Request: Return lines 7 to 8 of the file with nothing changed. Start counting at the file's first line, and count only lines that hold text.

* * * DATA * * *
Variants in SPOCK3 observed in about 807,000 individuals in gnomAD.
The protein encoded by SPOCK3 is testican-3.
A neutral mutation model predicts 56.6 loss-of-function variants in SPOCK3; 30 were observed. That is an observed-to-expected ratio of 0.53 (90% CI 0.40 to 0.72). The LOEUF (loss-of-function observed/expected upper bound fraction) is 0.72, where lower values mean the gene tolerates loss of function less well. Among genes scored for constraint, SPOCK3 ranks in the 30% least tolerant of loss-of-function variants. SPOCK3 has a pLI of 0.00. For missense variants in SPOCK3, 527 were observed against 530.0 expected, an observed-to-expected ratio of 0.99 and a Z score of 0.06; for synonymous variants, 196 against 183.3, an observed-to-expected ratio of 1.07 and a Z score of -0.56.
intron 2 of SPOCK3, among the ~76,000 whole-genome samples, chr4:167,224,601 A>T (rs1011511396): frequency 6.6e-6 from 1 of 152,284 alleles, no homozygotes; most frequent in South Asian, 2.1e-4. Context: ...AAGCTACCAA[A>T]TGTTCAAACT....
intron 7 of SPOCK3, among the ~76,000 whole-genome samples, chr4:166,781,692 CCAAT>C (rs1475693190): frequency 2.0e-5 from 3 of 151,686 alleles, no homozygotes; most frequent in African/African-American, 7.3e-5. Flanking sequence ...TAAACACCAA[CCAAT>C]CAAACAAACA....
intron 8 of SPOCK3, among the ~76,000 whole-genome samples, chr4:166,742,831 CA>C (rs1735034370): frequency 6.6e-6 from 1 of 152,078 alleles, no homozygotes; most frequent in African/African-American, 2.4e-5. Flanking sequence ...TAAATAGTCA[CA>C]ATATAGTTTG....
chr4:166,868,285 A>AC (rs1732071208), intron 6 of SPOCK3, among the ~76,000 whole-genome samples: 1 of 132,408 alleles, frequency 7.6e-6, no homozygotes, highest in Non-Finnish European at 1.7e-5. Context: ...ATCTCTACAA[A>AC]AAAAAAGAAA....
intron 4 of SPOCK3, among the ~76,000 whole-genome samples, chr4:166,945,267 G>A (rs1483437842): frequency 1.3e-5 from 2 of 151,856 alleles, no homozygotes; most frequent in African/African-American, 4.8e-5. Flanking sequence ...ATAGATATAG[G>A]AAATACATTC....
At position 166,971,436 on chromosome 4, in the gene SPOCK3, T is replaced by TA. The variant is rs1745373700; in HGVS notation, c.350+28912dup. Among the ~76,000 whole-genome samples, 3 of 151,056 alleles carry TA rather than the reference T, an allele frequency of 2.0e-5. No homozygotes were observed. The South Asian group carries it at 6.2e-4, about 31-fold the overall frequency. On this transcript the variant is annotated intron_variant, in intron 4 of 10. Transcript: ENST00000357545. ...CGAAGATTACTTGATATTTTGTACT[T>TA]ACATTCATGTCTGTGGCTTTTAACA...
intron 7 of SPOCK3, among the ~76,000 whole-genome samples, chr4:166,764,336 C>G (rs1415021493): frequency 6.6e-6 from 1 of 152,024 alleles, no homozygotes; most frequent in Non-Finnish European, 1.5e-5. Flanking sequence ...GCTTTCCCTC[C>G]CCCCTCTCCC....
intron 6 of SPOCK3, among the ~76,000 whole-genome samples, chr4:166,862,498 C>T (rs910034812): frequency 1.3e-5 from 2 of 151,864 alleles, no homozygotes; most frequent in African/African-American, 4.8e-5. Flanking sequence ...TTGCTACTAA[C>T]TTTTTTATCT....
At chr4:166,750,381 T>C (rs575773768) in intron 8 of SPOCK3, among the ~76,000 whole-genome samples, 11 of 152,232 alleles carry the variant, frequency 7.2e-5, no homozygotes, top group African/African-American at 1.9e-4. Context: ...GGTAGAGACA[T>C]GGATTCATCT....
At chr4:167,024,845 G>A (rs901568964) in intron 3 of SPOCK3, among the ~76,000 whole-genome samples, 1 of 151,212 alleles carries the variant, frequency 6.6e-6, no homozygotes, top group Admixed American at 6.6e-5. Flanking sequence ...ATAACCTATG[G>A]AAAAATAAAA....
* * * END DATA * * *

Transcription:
chr4:166,868,285 A>AC (rs1732071208), intron 6 of SPOCK3, among the ~76,000 whole-genome samples: 1 of 132,408 alleles, frequency 7.6e-6, no homozygotes, highest in Non-Finnish European at 1.7e-5. Context: ...ATCTCTACAA[A>AC]AAAAAAGAAA....
intron 4 of SPOCK3, among the ~76,000 whole-genome samples, chr4:166,945,267 G>A (rs1483437842): frequency 1.3e-5 from 2 of 151,856 alleles, no homozygotes; most frequent in African/African-American, 4.8e-5. Flanking sequence ...ATAGATATAG[G>A]AAATACATTC....